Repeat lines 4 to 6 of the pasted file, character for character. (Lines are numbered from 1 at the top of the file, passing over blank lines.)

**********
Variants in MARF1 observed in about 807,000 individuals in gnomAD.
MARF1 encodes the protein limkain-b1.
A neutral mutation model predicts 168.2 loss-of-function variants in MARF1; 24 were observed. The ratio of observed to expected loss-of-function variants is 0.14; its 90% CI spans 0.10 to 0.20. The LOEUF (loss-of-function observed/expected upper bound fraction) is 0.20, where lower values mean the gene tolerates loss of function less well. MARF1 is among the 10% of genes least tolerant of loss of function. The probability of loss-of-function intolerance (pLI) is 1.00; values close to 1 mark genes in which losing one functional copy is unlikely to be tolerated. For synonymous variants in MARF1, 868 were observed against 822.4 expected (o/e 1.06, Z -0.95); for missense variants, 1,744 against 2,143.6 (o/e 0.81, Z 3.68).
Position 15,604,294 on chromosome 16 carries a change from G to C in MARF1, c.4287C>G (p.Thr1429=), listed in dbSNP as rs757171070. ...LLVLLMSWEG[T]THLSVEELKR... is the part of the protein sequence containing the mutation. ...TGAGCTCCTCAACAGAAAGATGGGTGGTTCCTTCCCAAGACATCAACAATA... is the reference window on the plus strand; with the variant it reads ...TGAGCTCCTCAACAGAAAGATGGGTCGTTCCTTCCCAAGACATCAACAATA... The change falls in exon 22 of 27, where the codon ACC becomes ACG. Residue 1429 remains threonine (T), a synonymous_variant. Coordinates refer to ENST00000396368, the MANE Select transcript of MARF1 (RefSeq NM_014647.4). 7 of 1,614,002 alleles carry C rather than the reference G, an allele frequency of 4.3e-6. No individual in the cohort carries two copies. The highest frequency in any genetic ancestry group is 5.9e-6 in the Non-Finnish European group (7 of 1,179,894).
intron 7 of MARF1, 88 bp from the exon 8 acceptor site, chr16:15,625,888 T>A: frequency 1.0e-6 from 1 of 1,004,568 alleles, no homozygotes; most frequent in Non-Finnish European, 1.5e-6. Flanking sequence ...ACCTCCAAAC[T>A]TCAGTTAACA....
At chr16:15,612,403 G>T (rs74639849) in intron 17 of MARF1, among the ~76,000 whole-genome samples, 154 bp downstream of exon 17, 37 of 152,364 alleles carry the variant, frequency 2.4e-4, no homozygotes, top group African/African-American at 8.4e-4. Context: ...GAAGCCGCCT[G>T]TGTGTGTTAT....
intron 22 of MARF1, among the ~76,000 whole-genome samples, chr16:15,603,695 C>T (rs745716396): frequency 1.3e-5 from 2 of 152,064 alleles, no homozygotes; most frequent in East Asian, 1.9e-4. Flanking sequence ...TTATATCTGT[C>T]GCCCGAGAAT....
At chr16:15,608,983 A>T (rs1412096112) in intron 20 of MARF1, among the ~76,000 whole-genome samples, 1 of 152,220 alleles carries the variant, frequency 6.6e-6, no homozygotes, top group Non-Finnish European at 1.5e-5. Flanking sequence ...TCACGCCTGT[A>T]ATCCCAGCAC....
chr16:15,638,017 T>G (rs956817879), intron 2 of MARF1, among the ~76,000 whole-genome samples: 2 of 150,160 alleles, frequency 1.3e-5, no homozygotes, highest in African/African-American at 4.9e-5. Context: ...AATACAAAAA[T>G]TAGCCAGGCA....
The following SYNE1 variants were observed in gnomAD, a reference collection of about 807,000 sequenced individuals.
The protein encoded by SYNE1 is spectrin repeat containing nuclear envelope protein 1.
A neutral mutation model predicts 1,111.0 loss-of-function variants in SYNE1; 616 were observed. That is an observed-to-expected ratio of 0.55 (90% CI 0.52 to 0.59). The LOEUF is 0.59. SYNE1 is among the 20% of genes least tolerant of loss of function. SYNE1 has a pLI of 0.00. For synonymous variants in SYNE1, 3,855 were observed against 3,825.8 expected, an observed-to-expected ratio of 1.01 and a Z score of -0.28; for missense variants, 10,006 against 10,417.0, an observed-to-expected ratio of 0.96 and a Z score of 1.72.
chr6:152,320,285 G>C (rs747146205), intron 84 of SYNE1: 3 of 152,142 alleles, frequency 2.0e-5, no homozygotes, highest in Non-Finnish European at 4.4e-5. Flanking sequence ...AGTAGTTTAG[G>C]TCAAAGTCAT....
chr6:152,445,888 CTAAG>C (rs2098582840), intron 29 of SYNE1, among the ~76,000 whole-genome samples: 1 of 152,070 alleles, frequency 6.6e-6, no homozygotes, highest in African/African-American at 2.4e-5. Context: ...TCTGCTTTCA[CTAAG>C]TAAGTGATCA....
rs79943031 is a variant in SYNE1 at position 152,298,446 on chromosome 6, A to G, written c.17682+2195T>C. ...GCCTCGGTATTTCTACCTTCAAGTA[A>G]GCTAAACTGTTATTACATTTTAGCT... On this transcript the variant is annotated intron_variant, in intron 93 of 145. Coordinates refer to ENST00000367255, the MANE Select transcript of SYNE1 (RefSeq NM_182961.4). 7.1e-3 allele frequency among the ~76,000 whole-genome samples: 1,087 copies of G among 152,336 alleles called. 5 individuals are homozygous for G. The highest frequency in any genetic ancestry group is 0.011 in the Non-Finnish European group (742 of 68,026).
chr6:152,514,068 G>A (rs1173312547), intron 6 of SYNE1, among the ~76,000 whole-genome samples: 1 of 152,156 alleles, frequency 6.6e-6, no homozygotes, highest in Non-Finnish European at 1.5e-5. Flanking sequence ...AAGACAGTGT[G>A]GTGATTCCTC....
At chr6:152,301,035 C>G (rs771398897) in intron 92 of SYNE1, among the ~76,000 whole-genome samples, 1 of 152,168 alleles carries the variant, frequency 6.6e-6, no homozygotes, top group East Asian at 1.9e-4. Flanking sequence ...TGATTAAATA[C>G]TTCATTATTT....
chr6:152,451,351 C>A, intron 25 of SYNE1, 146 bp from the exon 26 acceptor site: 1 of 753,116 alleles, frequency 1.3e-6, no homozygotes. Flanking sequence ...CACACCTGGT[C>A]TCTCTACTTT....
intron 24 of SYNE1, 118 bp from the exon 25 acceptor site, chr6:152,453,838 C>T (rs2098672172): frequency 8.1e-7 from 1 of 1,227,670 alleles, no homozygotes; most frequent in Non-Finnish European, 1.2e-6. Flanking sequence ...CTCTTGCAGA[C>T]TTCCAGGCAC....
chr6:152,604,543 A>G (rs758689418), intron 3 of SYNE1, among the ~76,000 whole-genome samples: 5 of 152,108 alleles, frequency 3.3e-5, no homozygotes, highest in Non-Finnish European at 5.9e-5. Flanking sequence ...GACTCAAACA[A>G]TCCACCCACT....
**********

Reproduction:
Position 15,604,294 on chromosome 16 carries a change from G to C in MARF1, c.4287C>G (p.Thr1429=), listed in dbSNP as rs757171070. ...LLVLLMSWEG[T]THLSVEELKR... is the part of the protein sequence containing the mutation. ...TGAGCTCCTCAACAGAAAGATGGGTGGTTCCTTCCCAAGACATCAACAATA... is the reference window on the plus strand; with the variant it reads ...TGAGCTCCTCAACAGAAAGATGGGTCGTTCCTTCCCAAGACATCAACAATA... The change falls in exon 22 of 27, where the codon ACC becomes ACG. Residue 1429 remains threonine (T), a synonymous_variant. Coordinates refer to ENST00000396368, the MANE Select transcript of MARF1 (RefSeq NM_014647.4). 7 of 1,614,002 alleles carry C rather than the reference G, an allele frequency of 4.3e-6. No individual in the cohort carries two copies. The highest frequency in any genetic ancestry group is 5.9e-6 in the Non-Finnish European group (7 of 1,179,894).
intron 7 of MARF1, 88 bp from the exon 8 acceptor site, chr16:15,625,888 T>A: frequency 1.0e-6 from 1 of 1,004,568 alleles, no homozygotes; most frequent in Non-Finnish European, 1.5e-6. Flanking sequence ...ACCTCCAAAC[T>A]TCAGTTAACA....
At chr16:15,612,403 G>T (rs74639849) in intron 17 of MARF1, among the ~76,000 whole-genome samples, 154 bp downstream of exon 17, 37 of 152,364 alleles carry the variant, frequency 2.4e-4, no homozygotes, top group African/African-American at 8.4e-4. Context: ...GAAGCCGCCT[G>T]TGTGTGTTAT....